Industry Brand B-7

by B.B. Pelletier

Our favorite guest blogger, Vince, is at it again. Today, he shares his experience of testing a Chinese airgun.

If you’d like to write a guest post for this blog, please email us.

Now, take it away, Vince!

Ahhh… the way we were! The way some of us were, anyway. By “us,” I’m referring to those of us who first got into airguns (or came back to airguns) after being seduced by those irrascible Chinese. I’m going back about, oh, 10 years or so ago, when, waltzing through the internet, we would find all sorts of places selling “The Chinese Can Opener” or the “High-Power Military Training Air Rifle.” What a deal they were — my goodness, why on earth would ANYONE spend $100 or more on one of those high-falutin’ overpriced airguns when these $25 Chinese models were obviously just as good? And we knew they were just as good because that number said so!

You know, that number. The velocity number. Because that was the only thing that mattered! That one number told us the whole story!

Sooner or later, we discovered the inevitable — although for some (like, uh, me), it was certainly later than sooner. Eventually, the B3, B4-2 and Fast Deer airguns went by the wayside to be replaced by Gamos, RWSs, Cometas, Noricas, and then Spanish and German Beemans. Around this time, the Chinese started cranking up the quality, though, so their better products didn’t entirely leave our field of view. But the old carved-out-of-a-2×4-and-lubed-with-pig-fat models — along with all their broken seals, mainsprings and promises — were pretty much forgotten.

But man is a funny animal, and a collector (even a half-baked collector) often sees value in diversity as well as quality. And just as a man who collects Mustangs sort of really needs a 1974 Mustang II 4 cylinder automatic (as horrid a car as it was) in his collection, I began pining for some of those old, crude guns just because they were there.

So it was that I found myself fishing around for some of those old bottom-feeders…those poorly made, all wood-steel-and-leather guns that smelled like bacon grease when fired. Those guns that, frankly, I had virtually no interest in shooting, except to appreciate the better guns that came later. The subject of this report, the Industry Brand QB-51, is one of those fossils I dug up.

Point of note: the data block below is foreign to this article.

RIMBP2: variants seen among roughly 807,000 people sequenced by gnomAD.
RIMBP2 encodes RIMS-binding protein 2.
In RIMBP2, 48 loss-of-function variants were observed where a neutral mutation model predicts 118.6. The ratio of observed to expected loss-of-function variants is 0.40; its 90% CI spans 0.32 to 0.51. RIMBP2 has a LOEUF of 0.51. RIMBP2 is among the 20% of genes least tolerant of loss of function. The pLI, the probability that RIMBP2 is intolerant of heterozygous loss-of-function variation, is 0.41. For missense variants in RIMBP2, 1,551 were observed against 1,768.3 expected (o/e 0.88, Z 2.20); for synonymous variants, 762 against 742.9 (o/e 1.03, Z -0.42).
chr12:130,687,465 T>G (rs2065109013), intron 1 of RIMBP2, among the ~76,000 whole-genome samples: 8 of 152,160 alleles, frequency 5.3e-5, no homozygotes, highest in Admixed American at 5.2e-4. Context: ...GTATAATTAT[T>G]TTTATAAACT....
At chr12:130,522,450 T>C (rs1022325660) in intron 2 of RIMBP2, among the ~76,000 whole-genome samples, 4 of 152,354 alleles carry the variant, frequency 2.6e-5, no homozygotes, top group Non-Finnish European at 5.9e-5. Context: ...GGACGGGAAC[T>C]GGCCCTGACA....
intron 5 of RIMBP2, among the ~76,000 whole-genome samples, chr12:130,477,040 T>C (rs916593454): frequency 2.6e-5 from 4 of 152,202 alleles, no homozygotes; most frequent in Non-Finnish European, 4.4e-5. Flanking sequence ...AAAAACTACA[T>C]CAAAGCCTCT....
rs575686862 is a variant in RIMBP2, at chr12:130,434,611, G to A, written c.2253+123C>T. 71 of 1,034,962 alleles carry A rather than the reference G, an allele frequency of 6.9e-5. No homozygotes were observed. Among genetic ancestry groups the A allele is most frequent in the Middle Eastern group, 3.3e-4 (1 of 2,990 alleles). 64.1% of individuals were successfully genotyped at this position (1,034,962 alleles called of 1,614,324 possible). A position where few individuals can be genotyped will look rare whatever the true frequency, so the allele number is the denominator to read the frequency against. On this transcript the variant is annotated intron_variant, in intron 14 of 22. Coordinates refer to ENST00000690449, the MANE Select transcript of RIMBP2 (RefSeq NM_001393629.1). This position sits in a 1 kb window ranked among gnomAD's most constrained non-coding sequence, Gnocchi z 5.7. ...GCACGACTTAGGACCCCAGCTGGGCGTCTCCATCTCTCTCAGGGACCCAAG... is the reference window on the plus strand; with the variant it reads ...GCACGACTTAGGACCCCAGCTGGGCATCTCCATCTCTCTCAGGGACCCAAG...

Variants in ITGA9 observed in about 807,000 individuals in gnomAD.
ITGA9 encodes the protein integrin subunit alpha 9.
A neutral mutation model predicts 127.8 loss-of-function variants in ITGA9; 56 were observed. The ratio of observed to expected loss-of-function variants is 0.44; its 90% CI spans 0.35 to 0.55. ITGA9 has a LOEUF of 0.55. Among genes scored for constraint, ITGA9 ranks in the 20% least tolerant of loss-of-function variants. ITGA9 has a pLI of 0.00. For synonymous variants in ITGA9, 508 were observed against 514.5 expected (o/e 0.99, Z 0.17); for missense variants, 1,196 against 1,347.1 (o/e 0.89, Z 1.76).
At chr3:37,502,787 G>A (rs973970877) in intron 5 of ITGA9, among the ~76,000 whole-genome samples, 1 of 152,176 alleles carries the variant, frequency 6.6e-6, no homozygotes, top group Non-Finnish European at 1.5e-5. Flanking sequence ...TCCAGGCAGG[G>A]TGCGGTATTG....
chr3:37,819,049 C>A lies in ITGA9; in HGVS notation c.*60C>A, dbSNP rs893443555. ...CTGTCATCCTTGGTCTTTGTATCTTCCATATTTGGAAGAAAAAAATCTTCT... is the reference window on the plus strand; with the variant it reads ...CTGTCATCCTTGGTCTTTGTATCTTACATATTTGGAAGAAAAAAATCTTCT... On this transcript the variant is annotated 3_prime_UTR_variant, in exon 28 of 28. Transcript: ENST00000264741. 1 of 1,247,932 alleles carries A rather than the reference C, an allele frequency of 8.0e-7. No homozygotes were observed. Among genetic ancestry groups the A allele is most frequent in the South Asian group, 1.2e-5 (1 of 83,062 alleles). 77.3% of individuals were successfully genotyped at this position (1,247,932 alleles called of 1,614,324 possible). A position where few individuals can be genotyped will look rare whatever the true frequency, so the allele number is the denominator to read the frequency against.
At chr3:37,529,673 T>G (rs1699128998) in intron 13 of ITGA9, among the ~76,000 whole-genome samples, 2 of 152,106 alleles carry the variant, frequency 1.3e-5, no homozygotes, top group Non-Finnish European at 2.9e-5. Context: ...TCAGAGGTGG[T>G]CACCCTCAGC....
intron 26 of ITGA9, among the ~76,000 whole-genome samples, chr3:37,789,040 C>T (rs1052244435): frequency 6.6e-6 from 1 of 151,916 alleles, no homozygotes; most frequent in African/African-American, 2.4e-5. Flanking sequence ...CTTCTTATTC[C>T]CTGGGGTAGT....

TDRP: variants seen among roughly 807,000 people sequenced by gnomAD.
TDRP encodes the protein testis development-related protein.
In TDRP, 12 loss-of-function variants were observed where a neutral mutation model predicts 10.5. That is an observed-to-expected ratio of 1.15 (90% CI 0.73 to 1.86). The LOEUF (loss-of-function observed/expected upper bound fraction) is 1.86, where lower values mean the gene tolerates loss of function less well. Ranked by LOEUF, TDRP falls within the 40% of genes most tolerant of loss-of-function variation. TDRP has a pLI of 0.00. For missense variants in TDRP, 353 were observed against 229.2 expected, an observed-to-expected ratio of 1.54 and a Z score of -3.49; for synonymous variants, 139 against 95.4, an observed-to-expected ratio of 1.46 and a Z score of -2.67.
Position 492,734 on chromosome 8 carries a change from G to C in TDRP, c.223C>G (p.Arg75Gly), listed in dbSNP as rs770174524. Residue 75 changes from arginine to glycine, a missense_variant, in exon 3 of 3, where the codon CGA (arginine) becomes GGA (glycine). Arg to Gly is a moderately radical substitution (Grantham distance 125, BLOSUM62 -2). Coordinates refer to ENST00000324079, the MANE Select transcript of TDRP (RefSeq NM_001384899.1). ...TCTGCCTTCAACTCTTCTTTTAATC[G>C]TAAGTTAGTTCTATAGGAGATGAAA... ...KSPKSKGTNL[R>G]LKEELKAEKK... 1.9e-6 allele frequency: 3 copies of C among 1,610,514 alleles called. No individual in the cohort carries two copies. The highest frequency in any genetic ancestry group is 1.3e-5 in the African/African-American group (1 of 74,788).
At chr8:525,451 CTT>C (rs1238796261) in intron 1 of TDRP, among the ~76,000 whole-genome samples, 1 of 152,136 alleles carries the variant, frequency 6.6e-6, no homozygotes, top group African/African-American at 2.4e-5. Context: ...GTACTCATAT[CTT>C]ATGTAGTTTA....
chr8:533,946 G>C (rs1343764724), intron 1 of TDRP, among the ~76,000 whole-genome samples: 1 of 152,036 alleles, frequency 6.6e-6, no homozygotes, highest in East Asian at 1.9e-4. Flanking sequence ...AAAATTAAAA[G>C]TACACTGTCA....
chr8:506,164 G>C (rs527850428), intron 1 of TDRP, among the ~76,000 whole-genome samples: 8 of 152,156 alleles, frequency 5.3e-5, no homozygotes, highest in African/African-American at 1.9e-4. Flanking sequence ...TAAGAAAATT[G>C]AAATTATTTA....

Industry Brand B-7 spring-piston rifle.

This .177-caliber breakbarrel air rifle was also called the Industry Brand B-7 and shouldn’t be confused with the BAM B-7. That gun was the old sporter-style sidelever that actually had a reputation for being sort of decent. No, the Industry Brand B-7 was one of those smoke-and-soot, machined with a dull file and worn-out drill bits and carved-with-a-hatchet examples of communism at its most typical. If you were lucky, it worked out of the box. If not, well, it simply didn’t. But luck shines upon me, and this one actually did.

The QB-51 was one of those novelty guns they used to put together by combining a low-buck action with some possibly less-than-useless useless bells and whistles. This one was apparently playing paratrooper with a folding wire stock, a total weight of under 6 lbs. and an overall length of only 35 inches. But it’s not a kid’s gun by any stretch — the pull length of 14 inches and a 28-lb. cocking force certainly attest to that.

Since the folding stock is obviously the most interesting aspect of this gun, let’s take a look at that first. It actually has two interesting features, the less obvious being an adjustable buttpad.


Buttpad is centered.


Buttpad adjusted down.

Is an adjustable buttpad on this cheap gun completely pointless? Actually it isn’t. It can be used to dial up a more comfortable shooting position. The gun does look awkward as all get out if the pad is moved too far off the normal position; but let’s face it, this pup isn’t winning any beauty contests if the judges are permitted to keep their eyes open.

The folding stock is perhaps less useful.


Folding stock extended.


The stock is folded flat against the side of the gun.


This is what it looks like from the side.

Some rifles with a folding stock can be handled as a pistol (sort of); that’s not really going to happen with this gun. All it does is make the rifle a bit shorter and easier to pack up for transport — if you could think of any reason you’d want to. But at least the rough cast folding/locking mechanism is stout enough.


The hinge is stout and tight!

Moving past that, we come to the pistol grip — and another gadget! The grip is hollow and has a sliding door at the bottom.


The grip has a secret compartment!

Presumably, you can put pellets in there. It would hold several hundred, even if getting them out one at a time might be a bit tricky. Again, we have an oddball feature that still isn’t quite useless.